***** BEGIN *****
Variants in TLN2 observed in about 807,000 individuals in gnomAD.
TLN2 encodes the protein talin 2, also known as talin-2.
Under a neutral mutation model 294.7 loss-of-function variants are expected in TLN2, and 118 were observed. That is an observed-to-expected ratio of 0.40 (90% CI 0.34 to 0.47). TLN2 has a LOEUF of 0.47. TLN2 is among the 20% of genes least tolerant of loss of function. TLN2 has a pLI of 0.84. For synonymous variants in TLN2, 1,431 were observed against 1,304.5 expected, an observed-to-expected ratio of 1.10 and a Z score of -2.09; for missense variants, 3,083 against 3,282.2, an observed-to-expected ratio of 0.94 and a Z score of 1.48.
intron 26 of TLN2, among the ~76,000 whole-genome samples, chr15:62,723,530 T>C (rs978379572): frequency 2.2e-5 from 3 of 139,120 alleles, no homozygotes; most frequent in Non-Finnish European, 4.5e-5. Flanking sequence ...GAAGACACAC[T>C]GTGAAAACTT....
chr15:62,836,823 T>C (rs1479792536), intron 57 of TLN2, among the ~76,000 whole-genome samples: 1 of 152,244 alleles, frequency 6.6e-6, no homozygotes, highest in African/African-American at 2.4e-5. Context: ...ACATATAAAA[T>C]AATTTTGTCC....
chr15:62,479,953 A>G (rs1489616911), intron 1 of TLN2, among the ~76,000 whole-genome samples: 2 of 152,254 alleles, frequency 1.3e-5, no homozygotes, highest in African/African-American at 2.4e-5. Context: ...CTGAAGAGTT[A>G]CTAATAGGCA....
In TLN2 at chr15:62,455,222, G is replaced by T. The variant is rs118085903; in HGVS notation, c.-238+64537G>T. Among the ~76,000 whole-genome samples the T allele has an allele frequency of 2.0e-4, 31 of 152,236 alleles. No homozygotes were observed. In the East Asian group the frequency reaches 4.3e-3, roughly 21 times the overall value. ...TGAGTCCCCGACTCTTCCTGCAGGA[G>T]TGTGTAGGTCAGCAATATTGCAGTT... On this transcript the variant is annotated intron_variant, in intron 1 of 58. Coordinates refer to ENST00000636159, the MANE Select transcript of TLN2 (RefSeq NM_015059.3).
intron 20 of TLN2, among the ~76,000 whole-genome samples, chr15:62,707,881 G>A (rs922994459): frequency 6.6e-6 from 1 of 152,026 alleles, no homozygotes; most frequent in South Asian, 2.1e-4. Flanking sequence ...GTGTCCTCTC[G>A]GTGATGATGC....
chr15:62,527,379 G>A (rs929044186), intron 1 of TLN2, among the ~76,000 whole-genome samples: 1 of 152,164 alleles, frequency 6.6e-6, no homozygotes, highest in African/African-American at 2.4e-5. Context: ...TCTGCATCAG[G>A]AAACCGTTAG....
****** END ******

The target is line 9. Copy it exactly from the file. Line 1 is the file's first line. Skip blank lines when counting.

chr15:62,527,379 G>A (rs929044186), intron 1 of TLN2, among the ~76,000 whole-genome samples: 1 of 152,164 alleles, frequency 6.6e-6, no homozygotes, highest in African/African-American at 2.4e-5. Context: ...TCTGCATCAG[G>A]AAACCGTTAG....